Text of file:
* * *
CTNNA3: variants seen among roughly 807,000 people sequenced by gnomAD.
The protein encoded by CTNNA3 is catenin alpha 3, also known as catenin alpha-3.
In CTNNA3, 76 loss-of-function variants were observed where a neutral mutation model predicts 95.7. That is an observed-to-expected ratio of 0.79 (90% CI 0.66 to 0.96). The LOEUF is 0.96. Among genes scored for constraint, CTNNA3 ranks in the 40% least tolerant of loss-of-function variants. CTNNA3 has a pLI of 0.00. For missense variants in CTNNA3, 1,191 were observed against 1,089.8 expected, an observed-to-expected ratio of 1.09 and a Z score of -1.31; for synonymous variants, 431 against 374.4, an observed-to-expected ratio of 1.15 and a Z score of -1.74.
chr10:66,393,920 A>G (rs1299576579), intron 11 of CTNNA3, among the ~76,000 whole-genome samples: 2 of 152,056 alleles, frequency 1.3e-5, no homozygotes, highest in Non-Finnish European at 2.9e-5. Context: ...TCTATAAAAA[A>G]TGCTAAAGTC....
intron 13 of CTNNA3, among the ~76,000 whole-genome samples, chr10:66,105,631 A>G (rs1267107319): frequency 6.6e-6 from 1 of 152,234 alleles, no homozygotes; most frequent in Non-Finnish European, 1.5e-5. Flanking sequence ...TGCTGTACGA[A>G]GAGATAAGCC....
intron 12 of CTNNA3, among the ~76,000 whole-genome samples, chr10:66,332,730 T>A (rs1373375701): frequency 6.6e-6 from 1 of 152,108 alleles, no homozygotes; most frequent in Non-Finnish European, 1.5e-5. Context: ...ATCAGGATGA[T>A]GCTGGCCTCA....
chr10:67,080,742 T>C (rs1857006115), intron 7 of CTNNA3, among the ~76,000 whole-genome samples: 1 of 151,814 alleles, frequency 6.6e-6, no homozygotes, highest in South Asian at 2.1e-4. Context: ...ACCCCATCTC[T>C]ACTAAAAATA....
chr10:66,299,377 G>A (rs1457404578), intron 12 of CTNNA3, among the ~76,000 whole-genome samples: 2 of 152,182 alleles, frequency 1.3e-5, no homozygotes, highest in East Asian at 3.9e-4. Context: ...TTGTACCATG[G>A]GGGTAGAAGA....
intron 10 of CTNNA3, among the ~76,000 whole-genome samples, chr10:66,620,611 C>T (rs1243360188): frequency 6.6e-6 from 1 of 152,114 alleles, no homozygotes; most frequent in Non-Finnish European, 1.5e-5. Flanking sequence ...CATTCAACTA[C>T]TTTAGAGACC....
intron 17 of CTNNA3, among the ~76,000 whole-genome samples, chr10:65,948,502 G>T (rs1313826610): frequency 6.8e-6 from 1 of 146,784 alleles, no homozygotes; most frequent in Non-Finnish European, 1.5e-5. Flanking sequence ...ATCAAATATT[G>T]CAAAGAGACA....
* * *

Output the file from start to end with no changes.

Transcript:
CTNNA3: variants seen among roughly 807,000 people sequenced by gnomAD.
The protein encoded by CTNNA3 is catenin alpha 3, also known as catenin alpha-3.
In CTNNA3, 76 loss-of-function variants were observed where a neutral mutation model predicts 95.7. That is an observed-to-expected ratio of 0.79 (90% CI 0.66 to 0.96). The LOEUF is 0.96. Among genes scored for constraint, CTNNA3 ranks in the 40% least tolerant of loss-of-function variants. CTNNA3 has a pLI of 0.00. For missense variants in CTNNA3, 1,191 were observed against 1,089.8 expected, an observed-to-expected ratio of 1.09 and a Z score of -1.31; for synonymous variants, 431 against 374.4, an observed-to-expected ratio of 1.15 and a Z score of -1.74.
chr10:66,393,920 A>G (rs1299576579), intron 11 of CTNNA3, among the ~76,000 whole-genome samples: 2 of 152,056 alleles, frequency 1.3e-5, no homozygotes, highest in Non-Finnish European at 2.9e-5. Context: ...TCTATAAAAA[A>G]TGCTAAAGTC....
intron 13 of CTNNA3, among the ~76,000 whole-genome samples, chr10:66,105,631 A>G (rs1267107319): frequency 6.6e-6 from 1 of 152,234 alleles, no homozygotes; most frequent in Non-Finnish European, 1.5e-5. Flanking sequence ...TGCTGTACGA[A>G]GAGATAAGCC....
intron 12 of CTNNA3, among the ~76,000 whole-genome samples, chr10:66,332,730 T>A (rs1373375701): frequency 6.6e-6 from 1 of 152,108 alleles, no homozygotes; most frequent in Non-Finnish European, 1.5e-5. Context: ...ATCAGGATGA[T>A]GCTGGCCTCA....
chr10:67,080,742 T>C (rs1857006115), intron 7 of CTNNA3, among the ~76,000 whole-genome samples: 1 of 151,814 alleles, frequency 6.6e-6, no homozygotes, highest in South Asian at 2.1e-4. Context: ...ACCCCATCTC[T>C]ACTAAAAATA....
chr10:66,299,377 G>A (rs1457404578), intron 12 of CTNNA3, among the ~76,000 whole-genome samples: 2 of 152,182 alleles, frequency 1.3e-5, no homozygotes, highest in East Asian at 3.9e-4. Context: ...TTGTACCATG[G>A]GGGTAGAAGA....
intron 10 of CTNNA3, among the ~76,000 whole-genome samples, chr10:66,620,611 C>T (rs1243360188): frequency 6.6e-6 from 1 of 152,114 alleles, no homozygotes; most frequent in Non-Finnish European, 1.5e-5. Flanking sequence ...CATTCAACTA[C>T]TTTAGAGACC....
intron 17 of CTNNA3, among the ~76,000 whole-genome samples, chr10:65,948,502 G>T (rs1313826610): frequency 6.8e-6 from 1 of 146,784 alleles, no homozygotes; most frequent in Non-Finnish European, 1.5e-5. Flanking sequence ...ATCAAATATT[G>T]CAAAGAGACA....